Used most often in clay bodies fired at low temperatures and glazes fired at high temperatures, talc may be one of the least understood of the highly useful raw materials available to ceramic artists.
Defining the Terms
Coefficient of Thermal Expansion: A numerical measure of the change in length of a sample per unit length per degree of temperature change. Note that the number will be different depending on whether it is expressed in metric or US customary units.
Sinter: To connect particles of material together by heating them hot enough that they bond together without melting. The resulting material is porous.
Unity Molecular Formula (UMF): A chemical formula for a ceramic recipe in which one category of ingredients is set to one. For glazes, this is most commonly the fluxes. Glass formers and modifiers are then given relative to that one mole of flux oxides.
Use and Material
Talc is a convenient and inexpensive source of silica and magnesium for both clay bodies and glazes. Its successful use, however, is widely different between the two applications.
Because magnesium and silica both have low coefficients of thermal expansion, talc can help control crazing in glazes. It is also a common ingredient in some low-fire clay bodies. However, talc does not melt in low-fire ware. Rather, it sinters enough to bond to the clay that is required to make the body plastic.
Talc may make up 40–60% of the recipe in slip-casting bodies fired to temperatures as low as cone 08. Such high-talc bodies can make weak, porous fired ceramics. Because high-talc bodies rely on a glaze coating to make them usable with liquids and are usually not durable, they are usually not suitable for most functional ware. Low-fire clay bodies with small percentages of talc typically do not present the same issues.
Not all talc is created equal. As a naturally occurring mineral, it’s never found in its pure form. Pure talc is a hydrated magnesium silicate with the chemical formula Mg3Si4O10(OH)2. Talc mined for use in ceramics usually also contains one or more of these oxides: calcium, iron, sodium, potassium, and aluminum. One of the most widely available talcs at present, mined in west Texas, contains about 5% calcium oxide (CaO). Calcium is a strong flux. Such a talc should be tested before using it in either a body or glaze recipe to see if the result is acceptable given the amount of calcium present.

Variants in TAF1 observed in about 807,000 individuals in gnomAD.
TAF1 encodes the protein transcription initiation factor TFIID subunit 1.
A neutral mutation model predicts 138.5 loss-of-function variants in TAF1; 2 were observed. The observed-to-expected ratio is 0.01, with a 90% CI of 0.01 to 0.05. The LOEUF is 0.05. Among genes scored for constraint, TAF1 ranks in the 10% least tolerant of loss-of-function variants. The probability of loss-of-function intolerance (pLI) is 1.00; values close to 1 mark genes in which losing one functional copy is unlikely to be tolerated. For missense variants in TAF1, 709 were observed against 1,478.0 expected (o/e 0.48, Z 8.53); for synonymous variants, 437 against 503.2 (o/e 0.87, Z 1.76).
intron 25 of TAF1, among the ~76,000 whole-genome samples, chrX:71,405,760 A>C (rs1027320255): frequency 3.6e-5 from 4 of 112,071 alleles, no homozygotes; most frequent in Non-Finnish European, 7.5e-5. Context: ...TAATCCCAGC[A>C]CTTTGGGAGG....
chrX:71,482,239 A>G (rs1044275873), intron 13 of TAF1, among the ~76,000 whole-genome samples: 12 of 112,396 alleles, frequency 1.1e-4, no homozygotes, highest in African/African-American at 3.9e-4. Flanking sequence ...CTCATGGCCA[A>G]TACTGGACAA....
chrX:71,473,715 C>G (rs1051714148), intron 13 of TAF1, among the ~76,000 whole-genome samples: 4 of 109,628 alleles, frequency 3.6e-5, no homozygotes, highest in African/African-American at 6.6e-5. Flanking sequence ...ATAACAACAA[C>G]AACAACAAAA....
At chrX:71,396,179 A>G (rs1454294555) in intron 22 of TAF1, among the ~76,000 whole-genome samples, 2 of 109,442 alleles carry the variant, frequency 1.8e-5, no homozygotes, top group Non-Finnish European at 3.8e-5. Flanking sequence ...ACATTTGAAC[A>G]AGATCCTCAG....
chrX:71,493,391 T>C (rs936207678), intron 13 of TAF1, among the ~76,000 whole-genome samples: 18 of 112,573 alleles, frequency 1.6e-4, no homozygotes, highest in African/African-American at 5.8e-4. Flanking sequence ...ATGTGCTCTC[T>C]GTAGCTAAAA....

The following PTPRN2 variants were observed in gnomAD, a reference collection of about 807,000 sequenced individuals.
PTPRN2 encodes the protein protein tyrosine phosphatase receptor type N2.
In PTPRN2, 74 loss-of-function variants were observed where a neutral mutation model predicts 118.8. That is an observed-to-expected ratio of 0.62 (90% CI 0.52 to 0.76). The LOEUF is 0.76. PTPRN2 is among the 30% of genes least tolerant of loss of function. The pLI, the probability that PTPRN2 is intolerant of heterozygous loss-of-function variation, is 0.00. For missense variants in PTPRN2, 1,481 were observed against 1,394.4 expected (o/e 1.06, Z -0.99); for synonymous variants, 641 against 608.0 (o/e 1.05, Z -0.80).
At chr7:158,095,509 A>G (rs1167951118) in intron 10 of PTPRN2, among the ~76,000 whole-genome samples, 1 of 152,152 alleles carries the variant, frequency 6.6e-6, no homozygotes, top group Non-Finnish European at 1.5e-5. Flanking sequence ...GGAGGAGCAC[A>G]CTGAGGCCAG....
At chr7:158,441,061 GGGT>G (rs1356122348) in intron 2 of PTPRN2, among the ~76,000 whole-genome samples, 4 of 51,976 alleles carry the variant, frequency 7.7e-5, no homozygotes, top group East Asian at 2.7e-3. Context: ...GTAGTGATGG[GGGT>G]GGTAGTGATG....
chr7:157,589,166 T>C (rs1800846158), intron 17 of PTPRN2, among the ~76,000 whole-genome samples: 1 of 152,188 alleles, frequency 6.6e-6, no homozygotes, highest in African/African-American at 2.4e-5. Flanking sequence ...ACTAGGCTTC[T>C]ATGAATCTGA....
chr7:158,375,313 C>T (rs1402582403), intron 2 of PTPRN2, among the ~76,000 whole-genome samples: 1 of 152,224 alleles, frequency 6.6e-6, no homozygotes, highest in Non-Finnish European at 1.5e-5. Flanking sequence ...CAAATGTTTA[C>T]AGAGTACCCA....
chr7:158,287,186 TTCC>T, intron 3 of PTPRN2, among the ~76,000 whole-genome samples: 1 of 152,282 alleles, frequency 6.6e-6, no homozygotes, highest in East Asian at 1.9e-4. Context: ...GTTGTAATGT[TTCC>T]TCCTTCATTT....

Talc doesn’t begin to give up its water of hydration until it’s heated to about 1652°F (900°C). That’s a bit hotter than cone 010 and is reached relatively late in low-temperature firing. This explains why talc is not recommended as an ingredient in low-fire fritted glazes. Such glazes, while they melt readily in the kiln, are likely to either blister or be filled with bubbles when talc begins to give off water vapor after the glaze has melted.
Glazes fired to higher temperatures, between cones 5 and 10, are better candidates for using talc as a recipe ingredient. The amount of magnesium (as magnesium oxide, MgO) in the recipe, however, should not exceed about 0.3 on a unity molecular formula (UMF) basis in clear glazes. Higher amounts will produce opaque glazes with satin to matte surfaces.
A simple, commonly used hobby-body casting slip can be made from 50% talc and 50% ball clay plus water and deflocculants. This body is exceptionally easy to cast and has remarkably low drying and firing shrinkage. New Mexico potter Jeff Lawrence reports, “This mix makes a wonderful slip that casts beautifully in 20–30 minutes, has low shrinkage (maybe 3% to dry and another 2–3% to fired), shows excellent green strength, and is super tolerant of fast firing.”
A de-airing pugmill is required to make a throwing body using the same recipe. The high amount of talc in the body tends to cause it to break apart as it’s being worked if the body is made without the vacuum feature of a de-airing pugmill.
A Note on Current Concerns
There have been concerns for some time about asbestos or asbestiform-mineral contamination of talc. Several lawsuits focused around the material have won large dollar amounts in the last five years, arguing harm from such contamination by a large corporation selling talcum powder. A major talc mine in New York state has closed because its talc contained asbestos. Note: All current talc available to ceramic artists is reported to be free from asbestos. However, it is still ground to a very fine powder and the same dust-control and clean-up measures used for clay and silica apply equally to talc in the studio.
the author Dave Finkelnburg is a studio potter and practicing engineer. He earned his master’s degree in ceramic engineering from Alfred University.